1. Since integral of curvature is sensitive to small local errors (see the figure on the right), the extrapolating procedure should yield close tangents for neighbors. Otherwise step 5 of the algorithm is ineffective. This issue could be partially solved by using energy (4). In this case it can be beneficial to connect two tangents even if there is some misalignment error.

2. The heuristic should envision that some currently disconnected curves may lie on the same center-line, see Fig.3.

Figure 3: An example of local minima for Alg.1. The more “blue” is a pixel, the more likely it is to lie on an edge. Green arrows correspond to pixels that were initialized as edges. Black arrows correspond to the edges detected by Alg.1. This local minimum consists of two disconnected center-lines. The globally minimum solution smoothly connects the two pieces into a single center-line.

The first property was easy to incorporate, while the second would require sophisticated edge continuation methods, e.g. a stochastic completion field [39, 24]. Instead we develop a new optimization procedure (Section 3) based on variational inference. The advantage of our new procedure is that it is closer to joint optimization of and .

3 Variational Inference

Ideally, we wish to jointly optimize (2) with respect to all variables. This is a mixed integer non-linear problem with an enormous number of variables. Thus, it is intractable. However, we can introduce elements of joint optimization based on stochastic variational inference framework. The proposed approach takes into account all possible configurations of indicator variables while estimating tangents . This significantly improves stability w.r.t. local minima.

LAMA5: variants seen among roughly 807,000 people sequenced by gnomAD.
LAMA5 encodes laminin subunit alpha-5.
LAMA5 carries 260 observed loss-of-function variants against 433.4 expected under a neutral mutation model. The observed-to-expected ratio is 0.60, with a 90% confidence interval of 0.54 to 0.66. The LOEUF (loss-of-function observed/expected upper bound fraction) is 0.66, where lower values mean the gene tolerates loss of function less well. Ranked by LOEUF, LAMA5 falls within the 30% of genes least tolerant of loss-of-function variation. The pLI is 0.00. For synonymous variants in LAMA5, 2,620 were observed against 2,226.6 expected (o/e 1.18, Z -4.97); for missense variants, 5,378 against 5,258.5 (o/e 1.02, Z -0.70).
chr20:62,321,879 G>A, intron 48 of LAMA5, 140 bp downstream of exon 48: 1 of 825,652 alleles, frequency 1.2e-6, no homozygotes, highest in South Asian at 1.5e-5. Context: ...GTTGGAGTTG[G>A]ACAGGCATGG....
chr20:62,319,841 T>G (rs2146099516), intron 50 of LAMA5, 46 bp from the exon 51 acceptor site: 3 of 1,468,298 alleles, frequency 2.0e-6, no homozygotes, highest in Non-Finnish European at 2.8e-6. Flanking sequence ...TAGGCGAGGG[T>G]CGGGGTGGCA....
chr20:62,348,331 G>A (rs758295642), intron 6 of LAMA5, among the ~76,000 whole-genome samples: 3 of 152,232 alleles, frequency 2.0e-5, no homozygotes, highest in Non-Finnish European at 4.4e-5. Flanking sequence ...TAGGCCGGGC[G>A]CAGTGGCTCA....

Energy (2) corresponds to a Gibbs distribution:

where is a normalization constant and the image is given by data fidelity terms . Here are visible variables, indicator variables and tangents are hidden ones.

We add a prime sign for tangent notation to distinguish values of random variables and parameters of the distribution.

Our goal is to approximate the posterior distribution of unobserved (hidden) indicators and tangents given image . The problem of approximating the posterior distribution has been extensively studied and is known as variational inference [4].

Variational inference is based on the decomposition

(6)

where is the evidence, is a distribution over the hidden variables, is the posterior distribution, and

(7)
(8)

Since

(Kullback–Leibler divergence) is always non-negative, the functional

is a lower bound for the evidence . One of the nice properties of this decomposition is that the global maximum of lower bound coincides with the global minimum of and optimal is equal to the true posterior  [4].

Unfortunately (7) cannot be optimized exactly. To make optimization tractable, in variational inference framework one assumes that belongs to a family of suitable distributions. In this work we will assume that is a factorized distribution (mean field theory [30]):

(9)
(10)
(11)

where is a deterministic (degenerate) distribution with parameter . Under this assumption lower bound functional becomes a function of parameters and . We denote this function where and .

The proposed algorithm is defined by Alg.2. It optimizes lower bound in block-coordinate fashion. The algorithm returns optimal tangents , see Fig.5(b), and optimal probabilities , see Fig.5(c).

1:Initialize and
2:
3:while not converged do
4:     Optimize
5:     Optimize
6:     
7:end while
8:return ,
Algorithm 2 Block-Coordinate Descend for Variational Inference

Now we consider optimization of over . Taking into account (11), (2) and (7) we can derive

(12)

where

In case of (4) we redefine , and in case of (5) we redefine .

We see that optimization of with respect to is a non-linear least square problem. For optimization details please refer to Section 4.

The optimization w.r.t. can be done by coordinate descent. The update equation is [4]

(13)

How should we treat and in this equations?

The constant in expression (13) does not depend on and thus can be determined from the normalization equation We initialize on line 1 of Alg.2. We iterate over all pixels update step (13) on line 5 until convergence, which is guaranteed by convexity of with respect to each  [4].

Note that if we further restrict to be a degenerate distribution (meaning ) we will get the block-coordinate descend Alg.1.

The initialization of is application dependent. In many cases some information about direction of a thin structure is available. Concrete initialization examples are described in Section 5.

Alternative interpretations.

The goal of Alg.1 is to find , which is equivalent to

(14)